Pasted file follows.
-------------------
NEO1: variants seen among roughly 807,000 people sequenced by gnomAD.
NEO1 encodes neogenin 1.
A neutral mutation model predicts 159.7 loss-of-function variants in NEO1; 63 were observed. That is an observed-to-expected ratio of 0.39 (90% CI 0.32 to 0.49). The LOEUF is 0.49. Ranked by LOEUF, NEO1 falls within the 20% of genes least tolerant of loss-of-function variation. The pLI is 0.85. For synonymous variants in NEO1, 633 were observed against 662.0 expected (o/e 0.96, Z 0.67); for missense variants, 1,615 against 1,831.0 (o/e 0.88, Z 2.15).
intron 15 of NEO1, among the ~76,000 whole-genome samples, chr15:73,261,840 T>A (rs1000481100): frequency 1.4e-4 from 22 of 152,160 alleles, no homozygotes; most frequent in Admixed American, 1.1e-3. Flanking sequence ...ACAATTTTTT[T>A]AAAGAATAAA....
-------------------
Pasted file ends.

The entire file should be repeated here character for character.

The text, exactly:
NEO1: variants seen among roughly 807,000 people sequenced by gnomAD.
NEO1 encodes neogenin 1.
A neutral mutation model predicts 159.7 loss-of-function variants in NEO1; 63 were observed. That is an observed-to-expected ratio of 0.39 (90% CI 0.32 to 0.49). The LOEUF is 0.49. Ranked by LOEUF, NEO1 falls within the 20% of genes least tolerant of loss-of-function variation. The pLI is 0.85. For synonymous variants in NEO1, 633 were observed against 662.0 expected (o/e 0.96, Z 0.67); for missense variants, 1,615 against 1,831.0 (o/e 0.88, Z 2.15).
intron 15 of NEO1, among the ~76,000 whole-genome samples, chr15:73,261,840 T>A (rs1000481100): frequency 1.4e-4 from 22 of 152,160 alleles, no homozygotes; most frequent in Admixed American, 1.1e-3. Flanking sequence ...ACAATTTTTT[T>A]AAAGAATAAA....